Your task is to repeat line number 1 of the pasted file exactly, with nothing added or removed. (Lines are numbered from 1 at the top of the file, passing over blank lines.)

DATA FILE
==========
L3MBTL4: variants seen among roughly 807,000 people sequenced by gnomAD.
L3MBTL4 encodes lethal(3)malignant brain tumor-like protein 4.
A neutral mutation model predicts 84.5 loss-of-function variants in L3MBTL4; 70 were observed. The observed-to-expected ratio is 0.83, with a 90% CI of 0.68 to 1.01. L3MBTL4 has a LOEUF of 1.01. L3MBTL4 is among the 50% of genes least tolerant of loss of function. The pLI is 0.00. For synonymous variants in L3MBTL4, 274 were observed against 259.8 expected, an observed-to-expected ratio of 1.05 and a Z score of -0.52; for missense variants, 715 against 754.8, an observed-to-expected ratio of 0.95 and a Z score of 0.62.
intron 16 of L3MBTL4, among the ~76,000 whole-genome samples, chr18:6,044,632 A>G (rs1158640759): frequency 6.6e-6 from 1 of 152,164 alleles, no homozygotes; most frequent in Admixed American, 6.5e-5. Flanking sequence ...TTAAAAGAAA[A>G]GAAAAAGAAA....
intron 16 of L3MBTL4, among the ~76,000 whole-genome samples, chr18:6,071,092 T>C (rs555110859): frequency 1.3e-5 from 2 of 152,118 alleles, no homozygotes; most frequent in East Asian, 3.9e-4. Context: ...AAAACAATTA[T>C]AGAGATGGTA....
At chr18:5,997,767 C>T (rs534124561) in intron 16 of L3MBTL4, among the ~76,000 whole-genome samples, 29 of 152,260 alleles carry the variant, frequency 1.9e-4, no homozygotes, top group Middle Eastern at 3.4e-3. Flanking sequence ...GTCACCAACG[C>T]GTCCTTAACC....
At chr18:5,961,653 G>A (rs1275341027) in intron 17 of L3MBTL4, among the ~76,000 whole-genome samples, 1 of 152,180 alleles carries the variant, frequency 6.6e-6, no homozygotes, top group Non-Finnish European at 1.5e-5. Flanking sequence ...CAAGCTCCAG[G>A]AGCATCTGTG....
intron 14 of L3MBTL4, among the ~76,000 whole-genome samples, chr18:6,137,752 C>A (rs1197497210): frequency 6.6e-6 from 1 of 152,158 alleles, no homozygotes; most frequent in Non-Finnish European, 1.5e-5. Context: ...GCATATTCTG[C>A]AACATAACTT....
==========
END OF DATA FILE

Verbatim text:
L3MBTL4: variants seen among roughly 807,000 people sequenced by gnomAD.